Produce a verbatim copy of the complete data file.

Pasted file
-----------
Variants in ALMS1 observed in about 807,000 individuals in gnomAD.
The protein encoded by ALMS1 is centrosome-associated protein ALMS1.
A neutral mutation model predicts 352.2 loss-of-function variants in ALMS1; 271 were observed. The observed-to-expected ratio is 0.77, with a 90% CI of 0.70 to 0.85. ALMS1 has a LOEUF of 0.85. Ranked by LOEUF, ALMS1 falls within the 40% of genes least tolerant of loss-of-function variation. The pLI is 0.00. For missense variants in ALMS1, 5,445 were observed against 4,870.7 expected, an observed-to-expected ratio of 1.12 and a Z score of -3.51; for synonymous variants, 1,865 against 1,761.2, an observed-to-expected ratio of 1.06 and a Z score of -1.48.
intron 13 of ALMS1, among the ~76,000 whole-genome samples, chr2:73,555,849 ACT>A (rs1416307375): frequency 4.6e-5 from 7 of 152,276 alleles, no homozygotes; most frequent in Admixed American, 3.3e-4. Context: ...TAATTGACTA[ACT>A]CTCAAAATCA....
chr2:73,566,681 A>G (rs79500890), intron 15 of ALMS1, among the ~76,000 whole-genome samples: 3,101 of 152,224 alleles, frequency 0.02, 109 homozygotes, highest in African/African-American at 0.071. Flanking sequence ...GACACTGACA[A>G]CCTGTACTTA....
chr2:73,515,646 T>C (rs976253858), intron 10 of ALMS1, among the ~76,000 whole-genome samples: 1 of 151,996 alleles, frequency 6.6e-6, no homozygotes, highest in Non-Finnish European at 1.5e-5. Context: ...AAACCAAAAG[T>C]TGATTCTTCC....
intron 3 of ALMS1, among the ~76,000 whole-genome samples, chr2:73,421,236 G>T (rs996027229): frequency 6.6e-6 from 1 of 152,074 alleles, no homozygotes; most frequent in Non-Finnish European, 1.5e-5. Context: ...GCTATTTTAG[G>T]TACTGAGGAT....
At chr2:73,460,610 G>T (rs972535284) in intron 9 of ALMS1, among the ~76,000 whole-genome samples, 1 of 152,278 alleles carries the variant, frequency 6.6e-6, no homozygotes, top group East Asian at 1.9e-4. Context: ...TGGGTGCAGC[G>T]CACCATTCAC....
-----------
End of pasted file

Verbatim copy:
Variants in ALMS1 observed in about 807,000 individuals in gnomAD.
The protein encoded by ALMS1 is centrosome-associated protein ALMS1.
A neutral mutation model predicts 352.2 loss-of-function variants in ALMS1; 271 were observed. The observed-to-expected ratio is 0.77, with a 90% CI of 0.70 to 0.85. ALMS1 has a LOEUF of 0.85. Ranked by LOEUF, ALMS1 falls within the 40% of genes least tolerant of loss-of-function variation. The pLI is 0.00. For missense variants in ALMS1, 5,445 were observed against 4,870.7 expected, an observed-to-expected ratio of 1.12 and a Z score of -3.51; for synonymous variants, 1,865 against 1,761.2, an observed-to-expected ratio of 1.06 and a Z score of -1.48.
intron 13 of ALMS1, among the ~76,000 whole-genome samples, chr2:73,555,849 ACT>A (rs1416307375): frequency 4.6e-5 from 7 of 152,276 alleles, no homozygotes; most frequent in Admixed American, 3.3e-4. Context: ...TAATTGACTA[ACT>A]CTCAAAATCA....
chr2:73,566,681 A>G (rs79500890), intron 15 of ALMS1, among the ~76,000 whole-genome samples: 3,101 of 152,224 alleles, frequency 0.02, 109 homozygotes, highest in African/African-American at 0.071. Flanking sequence ...GACACTGACA[A>G]CCTGTACTTA....
chr2:73,515,646 T>C (rs976253858), intron 10 of ALMS1, among the ~76,000 whole-genome samples: 1 of 151,996 alleles, frequency 6.6e-6, no homozygotes, highest in Non-Finnish European at 1.5e-5. Context: ...AAACCAAAAG[T>C]TGATTCTTCC....
intron 3 of ALMS1, among the ~76,000 whole-genome samples, chr2:73,421,236 G>T (rs996027229): frequency 6.6e-6 from 1 of 152,074 alleles, no homozygotes; most frequent in Non-Finnish European, 1.5e-5. Context: ...GCTATTTTAG[G>T]TACTGAGGAT....
At chr2:73,460,610 G>T (rs972535284) in intron 9 of ALMS1, among the ~76,000 whole-genome samples, 1 of 152,278 alleles carries the variant, frequency 6.6e-6, no homozygotes, top group East Asian at 1.9e-4. Context: ...TGGGTGCAGC[G>T]CACCATTCAC....